Colin Everard

Colin Everard

From a young age I have enjoyed writing; and especially during the last ten years I have been greatly supported and encouraged by good, solid feedback reviews and comments. During my earlier professional career I wrote two short (100 pages) books and had 28 articles published – many were translated into four languages. For example, for one of my technical innovations I was published by McGraw Hill. Since the early nineties I have written various articles on disparate subjects.

In an article I wrote a few years ago, in order to establish my credentials with my readers, I began with the question, ‘Who am I?’ The answer: I am an ordinary sort of Englishman. I am driven by a desire to do a bit of good in an increasingly divided and complex world. I am a pragmatic realist. I have no time for extremes. Deep down, I have a strong sense of humour; this is usually an asset, but can be misunderstood, especially by people who take themselves (too?) seriously. During my professional career I enjoyed my work and found it rewarding, even if at times life could be a bit tough and my work took me to some strange, sometimes unpleasant, places.

At the age of 21 I decided to devote my life to help improve, in a practical way, the lot of others who may be less privileged. This would be based on compassion (never condescension), mutual respect, an understanding of cultural differences, and persevering, focused hard work.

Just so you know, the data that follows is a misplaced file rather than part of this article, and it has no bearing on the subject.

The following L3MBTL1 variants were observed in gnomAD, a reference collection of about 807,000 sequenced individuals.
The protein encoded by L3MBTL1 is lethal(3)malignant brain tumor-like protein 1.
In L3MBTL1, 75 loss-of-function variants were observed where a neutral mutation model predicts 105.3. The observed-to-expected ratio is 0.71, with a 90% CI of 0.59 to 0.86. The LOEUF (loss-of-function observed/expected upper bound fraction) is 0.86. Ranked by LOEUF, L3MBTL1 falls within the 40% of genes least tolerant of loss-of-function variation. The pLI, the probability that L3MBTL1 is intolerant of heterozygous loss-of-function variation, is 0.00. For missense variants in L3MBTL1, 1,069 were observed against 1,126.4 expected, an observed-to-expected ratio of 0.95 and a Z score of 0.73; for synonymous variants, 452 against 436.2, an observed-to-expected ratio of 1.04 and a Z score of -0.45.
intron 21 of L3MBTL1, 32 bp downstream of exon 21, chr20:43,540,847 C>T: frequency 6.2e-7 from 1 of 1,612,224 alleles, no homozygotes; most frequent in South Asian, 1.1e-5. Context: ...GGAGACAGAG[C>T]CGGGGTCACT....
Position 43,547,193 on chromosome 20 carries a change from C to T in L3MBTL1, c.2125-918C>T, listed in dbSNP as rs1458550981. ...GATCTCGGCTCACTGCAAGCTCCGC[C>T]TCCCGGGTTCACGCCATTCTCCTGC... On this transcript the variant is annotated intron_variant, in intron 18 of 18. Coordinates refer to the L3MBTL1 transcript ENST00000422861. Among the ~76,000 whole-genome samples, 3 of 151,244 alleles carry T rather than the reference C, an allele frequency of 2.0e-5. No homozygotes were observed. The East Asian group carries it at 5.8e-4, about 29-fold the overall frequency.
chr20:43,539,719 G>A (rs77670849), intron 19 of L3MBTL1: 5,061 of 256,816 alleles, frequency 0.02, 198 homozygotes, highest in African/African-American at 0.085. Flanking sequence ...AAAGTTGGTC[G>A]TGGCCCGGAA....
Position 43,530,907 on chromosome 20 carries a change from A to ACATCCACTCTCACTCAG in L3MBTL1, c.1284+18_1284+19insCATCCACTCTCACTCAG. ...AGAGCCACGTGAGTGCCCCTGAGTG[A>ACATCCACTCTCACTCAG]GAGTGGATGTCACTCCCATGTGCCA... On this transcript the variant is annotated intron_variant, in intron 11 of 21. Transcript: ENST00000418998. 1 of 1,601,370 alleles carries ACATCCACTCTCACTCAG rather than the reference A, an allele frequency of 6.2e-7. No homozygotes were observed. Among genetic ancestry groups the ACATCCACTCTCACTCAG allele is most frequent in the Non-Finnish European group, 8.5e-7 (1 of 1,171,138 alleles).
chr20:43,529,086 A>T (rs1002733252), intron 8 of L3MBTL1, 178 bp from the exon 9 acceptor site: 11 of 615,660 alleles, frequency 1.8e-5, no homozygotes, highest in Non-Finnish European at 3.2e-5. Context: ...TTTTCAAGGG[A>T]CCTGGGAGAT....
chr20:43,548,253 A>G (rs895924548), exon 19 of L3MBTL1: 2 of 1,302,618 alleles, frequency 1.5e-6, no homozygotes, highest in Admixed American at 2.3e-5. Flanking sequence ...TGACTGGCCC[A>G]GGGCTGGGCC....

I went to work in Africa and joined the battle against the desert locust scourge, a ravaging grasshopper which devoured crops and caused country-wide famine and consequent starvation. I worked mainly in remote, sparsely populated, desolate, semi-desert areas of Ethiopia, Somalia and northern Kenya. Often I had to work for months with the assistance of only three or four Somalis (I learned to speak Somali fluently); inevitably, sometimes I found myself in dangerous situations. After several years, the main thrust of our work switched from ground operations to aerial reconnaissance and spraying. So I took a flying licence.

This was followed by another 10 years’ work, first, administering a sleeping sickness research set-up (500 staff) in Idi Amin’s Uganda; sleeping sickness is a killing disease which attacks the nervous system. Second, I specialized in logistics – this culminated in a comprehensive plan of logistics reorganization for public services covering Kenya, Tanzania and Uganda. I directed the successful implementation of the agreed plan.

From the seventies to the nineties, based in Canada, I specialized in civil aviation development cooperation in the Third World; my primary focus was Asia and the Pacific. About halfway through this 20 years’ period I ensured I was current by attending a post-graduate intensive course in the United States at the Massachusetts Institute of Technology (MIT) in Air Transportation Planning and Economics. Although I retired in the nineties, from time to time I am asked for my views on various Third World issues, which I give with pleasure. I also deliver guest lectures.

My wife, Emy, is Austrian and we have been happily married for over 40 years. We have four wonderfully successful daughters, who live in Canada, France and the United States. Emy and I live in the beautiful city of Vienna, Austria.

Now I am ‘free’ to have a game of golf and to enjoy the cultural life of Vienna. Above all, I am free to write!



Author Colin Everard at the launch party for Safe Skies